CAPE TOWN (Reuters) - Neither food nor food supplements are alternatives to drug therapy in treating people with HIV/AIDS, South Africa’s top scientific advisory panel said on Tuesday, amid a controversy over the nation’s AIDS policies.
The report by the Academy of Science of South Africa was issued as President Thabo Mbeki faced new criticism over support for his health minister, who promotes nutritional treatment for AIDS, and the sacking of a deputy minister who backed drug treatments.
The inter-disciplinary scientific panel, which advises the government on health policies, began studying nutritional influences on the human immune system in October 2005, focusing on the virus that causes AIDS and tuberculosis (TB).
“The panel has concluded that no food, no component made from food, and no food supplement has been identified in any credible study as an effective alternative to appropriate medication,” said Prof Barry Mendelow, chairman of a 15-member panel from the Academy of Science of South Africa (ASSAf).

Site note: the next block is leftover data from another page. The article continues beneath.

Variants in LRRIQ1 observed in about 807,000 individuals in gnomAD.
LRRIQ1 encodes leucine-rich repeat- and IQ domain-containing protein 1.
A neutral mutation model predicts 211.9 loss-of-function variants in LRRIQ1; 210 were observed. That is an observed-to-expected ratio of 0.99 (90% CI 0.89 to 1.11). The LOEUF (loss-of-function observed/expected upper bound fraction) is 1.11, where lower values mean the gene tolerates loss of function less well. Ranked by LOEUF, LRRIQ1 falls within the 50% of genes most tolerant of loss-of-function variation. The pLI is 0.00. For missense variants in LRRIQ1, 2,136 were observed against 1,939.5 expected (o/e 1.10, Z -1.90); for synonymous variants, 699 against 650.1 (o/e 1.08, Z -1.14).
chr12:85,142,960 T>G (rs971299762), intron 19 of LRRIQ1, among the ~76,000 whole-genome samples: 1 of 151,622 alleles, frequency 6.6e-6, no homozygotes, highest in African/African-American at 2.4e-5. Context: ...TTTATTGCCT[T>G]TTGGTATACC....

Mendelow told Reuters the panel found while nutritional intervention is “a valuable supportive measure”, the primary treatment is anti-retrovirals and anti-TB drug therapy.
“It’s not a question of one or the other,” he added.
South Africa has one of the world’s highest HIV infection rate with an estimated 12 percent of the country’s 47 million population infected with the deadly virus.
Besides a struggling health-care system characterized by a lack of doctors and nurses, many of whom have left the country for better pay abroad, the fight against AIDS has been hampered by conflicting messages from senior government officials.
Mbeki sacked Deputy Health Minister Nozizwe Madlala-Routledge this month for insubordination, sparking an outcry from AIDS activists who strongly backed her policies and critics who say she was fired for political reasons.
Madlala-Routledge had clashed with Health Minister Manto Tshabalala-Msimang, dubbed “Dr Beetroot”, who had horrified AIDS activists with her advocacy of garlic, lemon and African potatoes over conventional anti-retroviral drugs.